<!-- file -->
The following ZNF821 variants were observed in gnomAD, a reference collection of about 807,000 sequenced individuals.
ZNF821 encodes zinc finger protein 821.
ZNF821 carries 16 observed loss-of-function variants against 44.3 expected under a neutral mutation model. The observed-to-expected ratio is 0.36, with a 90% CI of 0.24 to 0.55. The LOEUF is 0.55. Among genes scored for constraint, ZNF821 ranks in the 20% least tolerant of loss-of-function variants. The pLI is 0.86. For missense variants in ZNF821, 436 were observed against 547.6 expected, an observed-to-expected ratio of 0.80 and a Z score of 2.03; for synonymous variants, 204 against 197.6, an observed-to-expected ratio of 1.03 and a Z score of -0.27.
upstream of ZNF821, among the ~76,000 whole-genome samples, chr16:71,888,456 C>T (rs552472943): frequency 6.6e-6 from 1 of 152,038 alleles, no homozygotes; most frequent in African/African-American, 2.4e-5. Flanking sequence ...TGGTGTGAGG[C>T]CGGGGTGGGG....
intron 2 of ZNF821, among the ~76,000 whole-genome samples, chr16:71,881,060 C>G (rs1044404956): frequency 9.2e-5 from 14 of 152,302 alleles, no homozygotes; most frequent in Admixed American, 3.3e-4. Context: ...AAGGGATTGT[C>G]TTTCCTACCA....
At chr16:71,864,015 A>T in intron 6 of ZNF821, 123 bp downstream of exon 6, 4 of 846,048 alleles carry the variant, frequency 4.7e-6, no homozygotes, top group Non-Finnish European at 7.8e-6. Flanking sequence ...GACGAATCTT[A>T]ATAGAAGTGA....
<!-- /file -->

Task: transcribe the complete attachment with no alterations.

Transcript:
The following ZNF821 variants were observed in gnomAD, a reference collection of about 807,000 sequenced individuals.
ZNF821 encodes zinc finger protein 821.
ZNF821 carries 16 observed loss-of-function variants against 44.3 expected under a neutral mutation model. The observed-to-expected ratio is 0.36, with a 90% CI of 0.24 to 0.55. The LOEUF is 0.55. Among genes scored for constraint, ZNF821 ranks in the 20% least tolerant of loss-of-function variants. The pLI is 0.86. For missense variants in ZNF821, 436 were observed against 547.6 expected, an observed-to-expected ratio of 0.80 and a Z score of 2.03; for synonymous variants, 204 against 197.6, an observed-to-expected ratio of 1.03 and a Z score of -0.27.
upstream of ZNF821, among the ~76,000 whole-genome samples, chr16:71,888,456 C>T (rs552472943): frequency 6.6e-6 from 1 of 152,038 alleles, no homozygotes; most frequent in African/African-American, 2.4e-5. Flanking sequence ...TGGTGTGAGG[C>T]CGGGGTGGGG....
intron 2 of ZNF821, among the ~76,000 whole-genome samples, chr16:71,881,060 C>G (rs1044404956): frequency 9.2e-5 from 14 of 152,302 alleles, no homozygotes; most frequent in Admixed American, 3.3e-4. Context: ...AAGGGATTGT[C>G]TTTCCTACCA....
At chr16:71,864,015 A>T in intron 6 of ZNF821, 123 bp downstream of exon 6, 4 of 846,048 alleles carry the variant, frequency 4.7e-6, no homozygotes, top group Non-Finnish European at 7.8e-6. Flanking sequence ...GACGAATCTT[A>T]ATAGAAGTGA....